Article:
This project continues the work pursued previously by Dr. Jonathan Greenwood on the cultic representations of Francis Xavier (1506–1552) before, during, and after the process of his canonization in 1622.
The project investigates the growth of the fama sanctitatis of St. Francis Xavier with respect to his initial characterization as the precursor of the Jesuit missionaries in China and the “Apostle of the East.” As the body of the saint left the island of Shangchuan for Goa, the island became a liminal space. On the one hand, Shangchuan housed the holy body of Xavier right after his death. For this reason, for a few years following Xavier’s death, European Jesuit missionaries and merchants prayed at Xavier’s burial site, and some travelers took soil from there for curative purposes. On the other hand, the island became gradually less relevant after the translatio of his body to Goa. While in Goa Xavier became a local saint, as widely shown by recent scholarship, in China his cult was less prominent. As a result, as of the mid-17th century, Xavier’s first burial place fell into oblivion and was then “rediscovered” only in 1688 by Fr. Filippo Felice Carrocci S.J. (1646–1695). The paradoxical nature of the island became by then even more evident. Shangchuan was both a safe “door” to China, miraculously spared from the infamous typhoons since the death of Xavier, and a wild, deserted, and unhospitable place where Xavier exhaled his last breath amid unspeakable adversities. At the same time, Jesuit missionaries who successfully reached the Chinese mainland since the late-16th century mentioned Xavier as their illustrious predecessor. For instance, on the frontispiece of the 1615 edition of the famous De Christiana expeditione apud Sinas, a Latin translation of Fr. Matteo Ricci S.J.’s (1552–1610) journal by Fr. Nicolas Trigault S.J. (1577–1628), Francis Xavier appears next to Ricci, portraying Xavier as a forerunner of the Jesuit missions in China.
Before his canonization, miraculous tales associated with depictions of Xavier emerged in the processes undertaken both in Europe and Asia. After his official canonization, numerous theatrical plays were performed across Europe representing Xavier as an exceptional missionary in Asia, who died heroically consumed by his monumental missionary efforts. As shown by recent scholarship, between 1671 and 1672, in the city of Olomouc, in Moravia, a play was performed associating Hercules and Xavier, defining him as ‘Hercules Asiaticus’, the Hercules of Asia. In Rome, in 1679, the painting by Carlo Maratta (1625–1713) depicting the death of Xavier in Shangchuan and his “buona morte” was completed and later placed in the Chiesa del Gesù, where it is still located. In the 17th century Philippines, ivory artworks depicting Xavier were produced, popularized, and then exported across various commercial routes. In Japan, depictions of Xavier were produced between the mid-16th century and the 17th century. The multifarious ways in which Xavier was depicted, from plays to medals, from prints to paintings, provide us with important evidence of his worldwide popularity.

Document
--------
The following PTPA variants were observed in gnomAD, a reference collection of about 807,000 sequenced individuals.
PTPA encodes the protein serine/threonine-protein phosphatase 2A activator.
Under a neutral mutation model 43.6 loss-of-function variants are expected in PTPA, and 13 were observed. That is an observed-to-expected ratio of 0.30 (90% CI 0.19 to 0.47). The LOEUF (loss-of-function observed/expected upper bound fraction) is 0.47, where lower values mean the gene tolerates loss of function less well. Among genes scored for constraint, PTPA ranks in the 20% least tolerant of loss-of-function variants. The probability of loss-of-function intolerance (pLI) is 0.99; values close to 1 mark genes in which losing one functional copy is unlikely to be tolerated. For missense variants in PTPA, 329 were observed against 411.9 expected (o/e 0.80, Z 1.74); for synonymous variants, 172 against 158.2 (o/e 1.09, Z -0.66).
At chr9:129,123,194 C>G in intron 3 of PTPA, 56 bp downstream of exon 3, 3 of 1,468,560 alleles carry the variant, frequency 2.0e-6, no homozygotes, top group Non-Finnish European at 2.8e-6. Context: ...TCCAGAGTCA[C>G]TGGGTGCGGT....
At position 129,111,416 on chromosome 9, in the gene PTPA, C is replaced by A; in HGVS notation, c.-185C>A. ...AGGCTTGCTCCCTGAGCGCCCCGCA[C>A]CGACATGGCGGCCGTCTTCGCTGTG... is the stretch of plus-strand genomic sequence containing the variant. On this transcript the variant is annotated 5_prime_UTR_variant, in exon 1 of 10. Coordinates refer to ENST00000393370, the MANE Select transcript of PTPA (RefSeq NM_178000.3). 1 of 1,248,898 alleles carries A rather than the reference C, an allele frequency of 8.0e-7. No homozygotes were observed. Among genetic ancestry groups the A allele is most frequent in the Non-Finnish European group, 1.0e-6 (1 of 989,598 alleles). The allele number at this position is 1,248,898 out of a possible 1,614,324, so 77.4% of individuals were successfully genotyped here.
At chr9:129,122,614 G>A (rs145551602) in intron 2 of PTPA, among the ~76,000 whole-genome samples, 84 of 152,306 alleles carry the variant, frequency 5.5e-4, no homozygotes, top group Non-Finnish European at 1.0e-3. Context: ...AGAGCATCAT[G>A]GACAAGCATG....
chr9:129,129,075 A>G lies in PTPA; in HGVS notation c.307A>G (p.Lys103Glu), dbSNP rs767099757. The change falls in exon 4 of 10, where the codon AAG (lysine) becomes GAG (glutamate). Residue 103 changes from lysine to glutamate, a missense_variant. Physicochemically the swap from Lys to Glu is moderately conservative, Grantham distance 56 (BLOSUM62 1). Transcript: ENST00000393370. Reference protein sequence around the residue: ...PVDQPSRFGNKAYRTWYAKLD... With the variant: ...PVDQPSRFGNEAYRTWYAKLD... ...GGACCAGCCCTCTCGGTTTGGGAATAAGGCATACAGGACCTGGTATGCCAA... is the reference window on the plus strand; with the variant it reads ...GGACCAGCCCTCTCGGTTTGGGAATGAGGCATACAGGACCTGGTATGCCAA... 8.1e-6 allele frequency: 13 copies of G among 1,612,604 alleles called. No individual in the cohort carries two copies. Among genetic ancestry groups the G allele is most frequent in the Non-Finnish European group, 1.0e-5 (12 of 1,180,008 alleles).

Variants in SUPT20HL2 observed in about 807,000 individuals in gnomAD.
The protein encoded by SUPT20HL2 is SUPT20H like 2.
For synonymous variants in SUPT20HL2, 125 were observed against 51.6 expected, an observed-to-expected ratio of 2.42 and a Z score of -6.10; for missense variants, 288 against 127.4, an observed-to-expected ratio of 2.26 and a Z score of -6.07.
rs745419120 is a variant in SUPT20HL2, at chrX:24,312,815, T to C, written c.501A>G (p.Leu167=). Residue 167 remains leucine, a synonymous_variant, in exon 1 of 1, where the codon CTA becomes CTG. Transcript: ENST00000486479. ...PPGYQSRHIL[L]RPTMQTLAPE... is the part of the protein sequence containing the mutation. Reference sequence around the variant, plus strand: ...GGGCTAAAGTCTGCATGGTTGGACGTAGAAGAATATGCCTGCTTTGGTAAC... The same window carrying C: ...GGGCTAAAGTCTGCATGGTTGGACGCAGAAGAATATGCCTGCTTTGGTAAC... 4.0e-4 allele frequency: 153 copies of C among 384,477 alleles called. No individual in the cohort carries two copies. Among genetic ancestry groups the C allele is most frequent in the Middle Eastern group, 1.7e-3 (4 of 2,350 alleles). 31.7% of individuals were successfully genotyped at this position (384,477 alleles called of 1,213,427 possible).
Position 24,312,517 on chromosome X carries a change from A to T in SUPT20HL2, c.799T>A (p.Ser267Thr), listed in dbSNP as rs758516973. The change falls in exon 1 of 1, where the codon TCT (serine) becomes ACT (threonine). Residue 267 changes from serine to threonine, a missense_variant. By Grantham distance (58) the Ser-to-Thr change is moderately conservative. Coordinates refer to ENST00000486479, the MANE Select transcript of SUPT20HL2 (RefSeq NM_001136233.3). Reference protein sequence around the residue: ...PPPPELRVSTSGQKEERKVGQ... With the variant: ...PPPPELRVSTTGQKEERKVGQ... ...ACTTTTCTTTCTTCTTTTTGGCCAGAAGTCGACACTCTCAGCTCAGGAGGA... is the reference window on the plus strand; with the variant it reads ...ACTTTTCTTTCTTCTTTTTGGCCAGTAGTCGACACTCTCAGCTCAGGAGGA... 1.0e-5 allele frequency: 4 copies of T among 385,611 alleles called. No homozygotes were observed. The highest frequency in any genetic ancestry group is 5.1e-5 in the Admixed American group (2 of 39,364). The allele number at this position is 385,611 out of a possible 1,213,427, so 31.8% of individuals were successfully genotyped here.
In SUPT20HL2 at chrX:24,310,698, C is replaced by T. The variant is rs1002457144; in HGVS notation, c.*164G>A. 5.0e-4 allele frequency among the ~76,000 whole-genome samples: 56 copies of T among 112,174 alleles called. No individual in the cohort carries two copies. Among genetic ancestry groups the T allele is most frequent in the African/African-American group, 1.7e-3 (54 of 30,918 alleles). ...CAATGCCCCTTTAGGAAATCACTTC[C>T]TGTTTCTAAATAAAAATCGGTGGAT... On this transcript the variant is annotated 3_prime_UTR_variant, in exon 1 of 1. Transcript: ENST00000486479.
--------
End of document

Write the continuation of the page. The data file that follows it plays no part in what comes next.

On the basis of this rich iconographic tapestry, this project will provide an insight into the textual, performative and visual representations of the very last moments of Francis Xavier in the island of Shangchuan (Sancian/Sanciano/Sanchão). In doing so, it will encompass the complex historiography related to Eurasian exchanges in the early modern era from Xavier’s exemplary model of sanctity. It will show the efforts of various artists, scholars, and missionaries, both in Europe and in Asia, in providing multifaceted representations of Xavier as the Apostle of the East.
Researcher: Antonio De Caro
Related project: From Shangchuan to Saint